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Sugar: 'Power' for real? - Views on News from Equitymaster
 
 
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  • Jul 16, 2004

    Sugar: 'Power' for real?

    Sugar stocks have been hogging the limelight over the past couple of months. The activity further intensified post-budget, as the government's agricultural focus is also likely to benefit the industry. Although, the sugar industry did not witness anything in particular during the budget, the presence of the agricultural minister (from the sugar belt) has led to favourable sentiment among the investors. However, lately there have been some noises that sugar companies could probably add to the power generation capacity of the country. We decided to investigate this.

    On an average, 100 tonnes of sugarcane yield 9.5 tonnes of sugar, 3.3 tonnes of bagasse, 3.5 to 4 tonnes of molasses, 3-4 tonnes of press mud and 0.3 tonnes of furnace ash. The most important of these by-products is molasses and bagasse. Molasses is used for production of ethanol, which in turn is used for the production of potable liquor and is blended in petrol. On the other hand, Bagasse is a voluminous waste product left after the crushing and extraction of juice from sugarcane. It is used as a fuel in the furnace for the generation of steam. The generated steam, in turn, is used for power generation. The above process is called co-generation.

    In other sugar-producing countries such as Brazil and Thailand, the by-products are effectively used by the sugar industry. Co-generation activities are highly encouraged in these countries. The question is, why is this not the case in India?

    In India, less than 40 sugar mills have co-generation facilities and these too have restricted the capacity of power generation to meet their internal requirements. The main reason for this till now has been that even if the sugar mills generate excess power, using bagasse, the excess power would have to be sold to the state electricity boards (SEBs). However, the SEBs have a dismal financial record with huge losses and further, most SEBs are unable to pay for the power they purchase. Unsure of the payments, the sugar mills were reluctant to look at this alternative.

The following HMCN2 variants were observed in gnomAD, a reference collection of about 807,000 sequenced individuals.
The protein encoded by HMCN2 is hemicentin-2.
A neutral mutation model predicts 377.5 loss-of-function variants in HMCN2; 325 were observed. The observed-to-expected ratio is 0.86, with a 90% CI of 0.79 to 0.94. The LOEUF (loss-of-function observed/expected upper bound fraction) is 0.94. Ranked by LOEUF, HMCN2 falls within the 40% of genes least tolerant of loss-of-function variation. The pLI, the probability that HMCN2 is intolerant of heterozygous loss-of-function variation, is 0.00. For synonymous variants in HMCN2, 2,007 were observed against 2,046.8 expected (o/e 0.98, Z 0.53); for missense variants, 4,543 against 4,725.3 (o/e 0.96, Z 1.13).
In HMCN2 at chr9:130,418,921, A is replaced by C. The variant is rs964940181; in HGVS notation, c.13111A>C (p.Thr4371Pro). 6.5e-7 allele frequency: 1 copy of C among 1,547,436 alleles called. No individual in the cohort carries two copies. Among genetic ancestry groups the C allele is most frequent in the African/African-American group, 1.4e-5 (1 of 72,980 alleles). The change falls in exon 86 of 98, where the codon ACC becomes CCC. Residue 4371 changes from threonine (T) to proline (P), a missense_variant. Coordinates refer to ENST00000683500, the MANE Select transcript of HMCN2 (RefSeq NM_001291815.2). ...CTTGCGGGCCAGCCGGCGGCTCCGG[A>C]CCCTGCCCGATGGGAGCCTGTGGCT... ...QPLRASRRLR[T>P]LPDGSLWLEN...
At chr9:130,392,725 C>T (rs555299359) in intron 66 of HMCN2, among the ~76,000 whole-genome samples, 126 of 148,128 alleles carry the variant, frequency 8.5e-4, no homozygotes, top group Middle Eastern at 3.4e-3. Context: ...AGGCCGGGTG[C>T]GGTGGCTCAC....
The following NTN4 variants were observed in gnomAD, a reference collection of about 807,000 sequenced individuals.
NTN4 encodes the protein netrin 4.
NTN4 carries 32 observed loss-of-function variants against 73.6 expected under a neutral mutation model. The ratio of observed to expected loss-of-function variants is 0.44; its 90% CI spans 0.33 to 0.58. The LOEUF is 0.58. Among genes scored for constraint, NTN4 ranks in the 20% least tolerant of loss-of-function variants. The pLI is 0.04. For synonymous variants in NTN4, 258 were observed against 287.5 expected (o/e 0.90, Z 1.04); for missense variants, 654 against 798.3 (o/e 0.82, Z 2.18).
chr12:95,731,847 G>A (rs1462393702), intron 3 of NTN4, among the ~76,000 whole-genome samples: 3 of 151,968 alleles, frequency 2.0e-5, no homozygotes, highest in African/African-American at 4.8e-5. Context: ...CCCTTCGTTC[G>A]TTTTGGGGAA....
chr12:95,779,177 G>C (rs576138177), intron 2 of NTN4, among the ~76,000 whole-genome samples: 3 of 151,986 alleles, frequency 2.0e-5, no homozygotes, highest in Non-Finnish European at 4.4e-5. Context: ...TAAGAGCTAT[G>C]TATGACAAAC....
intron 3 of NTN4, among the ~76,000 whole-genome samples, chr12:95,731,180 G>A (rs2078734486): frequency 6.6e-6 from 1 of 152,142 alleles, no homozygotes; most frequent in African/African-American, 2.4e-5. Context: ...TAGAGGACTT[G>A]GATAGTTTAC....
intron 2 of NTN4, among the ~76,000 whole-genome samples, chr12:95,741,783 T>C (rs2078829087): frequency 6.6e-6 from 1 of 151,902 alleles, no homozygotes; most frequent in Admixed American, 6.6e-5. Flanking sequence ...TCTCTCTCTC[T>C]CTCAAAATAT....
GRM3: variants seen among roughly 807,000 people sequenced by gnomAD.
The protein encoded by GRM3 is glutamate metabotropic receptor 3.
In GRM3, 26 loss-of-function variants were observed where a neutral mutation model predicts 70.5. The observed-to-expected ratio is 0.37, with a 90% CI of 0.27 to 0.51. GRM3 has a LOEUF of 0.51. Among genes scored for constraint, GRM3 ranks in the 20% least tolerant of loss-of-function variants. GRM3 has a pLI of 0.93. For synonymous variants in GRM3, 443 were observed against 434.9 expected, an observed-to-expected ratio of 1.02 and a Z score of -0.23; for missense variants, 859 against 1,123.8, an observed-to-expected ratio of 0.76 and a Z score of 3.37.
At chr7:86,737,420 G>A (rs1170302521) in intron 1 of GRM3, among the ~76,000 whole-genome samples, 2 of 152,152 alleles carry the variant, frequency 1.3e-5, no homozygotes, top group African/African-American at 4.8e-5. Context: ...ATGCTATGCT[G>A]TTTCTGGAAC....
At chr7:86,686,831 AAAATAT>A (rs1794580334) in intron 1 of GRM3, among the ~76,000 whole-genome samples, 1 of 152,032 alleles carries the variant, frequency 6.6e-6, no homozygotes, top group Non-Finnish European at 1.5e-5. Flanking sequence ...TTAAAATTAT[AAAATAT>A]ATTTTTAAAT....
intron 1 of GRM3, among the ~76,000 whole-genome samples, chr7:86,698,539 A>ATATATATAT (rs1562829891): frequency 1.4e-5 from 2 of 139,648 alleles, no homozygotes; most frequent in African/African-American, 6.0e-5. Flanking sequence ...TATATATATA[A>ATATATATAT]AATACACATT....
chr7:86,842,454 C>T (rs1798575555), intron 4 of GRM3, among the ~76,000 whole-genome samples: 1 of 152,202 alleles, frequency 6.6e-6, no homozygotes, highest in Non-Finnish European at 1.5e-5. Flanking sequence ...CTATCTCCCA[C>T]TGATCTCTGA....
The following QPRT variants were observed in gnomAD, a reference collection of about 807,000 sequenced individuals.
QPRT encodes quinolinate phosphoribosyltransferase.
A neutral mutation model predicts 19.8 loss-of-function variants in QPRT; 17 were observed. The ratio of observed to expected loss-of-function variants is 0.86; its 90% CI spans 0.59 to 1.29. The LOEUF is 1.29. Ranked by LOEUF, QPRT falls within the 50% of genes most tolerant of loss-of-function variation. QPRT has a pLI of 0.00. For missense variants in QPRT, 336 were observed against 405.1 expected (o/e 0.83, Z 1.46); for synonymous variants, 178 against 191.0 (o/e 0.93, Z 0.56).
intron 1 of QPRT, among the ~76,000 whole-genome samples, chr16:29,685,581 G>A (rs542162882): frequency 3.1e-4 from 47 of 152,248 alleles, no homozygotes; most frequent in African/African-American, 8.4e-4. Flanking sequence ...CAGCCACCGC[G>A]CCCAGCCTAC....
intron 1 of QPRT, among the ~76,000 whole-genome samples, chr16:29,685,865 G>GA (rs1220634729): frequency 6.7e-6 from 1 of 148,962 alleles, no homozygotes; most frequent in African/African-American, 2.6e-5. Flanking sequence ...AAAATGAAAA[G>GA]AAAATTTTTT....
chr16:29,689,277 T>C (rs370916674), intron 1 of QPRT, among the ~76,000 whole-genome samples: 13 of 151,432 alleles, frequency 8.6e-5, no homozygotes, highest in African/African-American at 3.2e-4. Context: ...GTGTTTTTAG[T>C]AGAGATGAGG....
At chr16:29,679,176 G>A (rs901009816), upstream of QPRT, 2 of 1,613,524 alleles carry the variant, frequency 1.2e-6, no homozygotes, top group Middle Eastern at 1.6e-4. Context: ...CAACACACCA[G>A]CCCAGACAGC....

The recent Electricity Act however, is an opportunity, as it allows private power producers to sell electricity directly to bulk buyers, by-passing the SEBs. This move could be an opportunity for the sugar industry to evaluate the dynamics of power generation, as finding a bulk buyer will not be a problem in a country, which faces energy deficit of around 10% on an average. The co-generation capacity, using bagasse, in India, as of March 2003, was 200 MW, while the potential in co-generation segment is estimated to be 3,500 to 4,000 MW with the current sugar production capacities.

    The government has realized the immense potential of the sugar industry in tackling the energy deficit problem and has therefore extended financial assistance through financial institutions such as Rural Electrification Corporation Ltd. (REC) and Housing and Urban Development Corporation Ltd (HUDCO). Besides, the sugar mills can also borrow from the SDF (sugar development fund).

    However, if the sugar industry were to contribute to the power generation capacity of the country by way of direct sales to consumers, various factors such as cost of generation, transmission and distribution factors have to be considered. Although there is immense scope in the business, most of the sugar mills are not in a position to capitalize on the opportunity given their sub-optimal size. The sugar industry is likely to witness consolidation in the years to come. In that scenario, power production from this industry as a by-product could become viable. But nothing major is likely to come over the next 2-3 years. So, it is advisable not to read too much into it. If you are buying sugar stocks, buy them for inherent strengths and not for 'power' stories like these.

     

     

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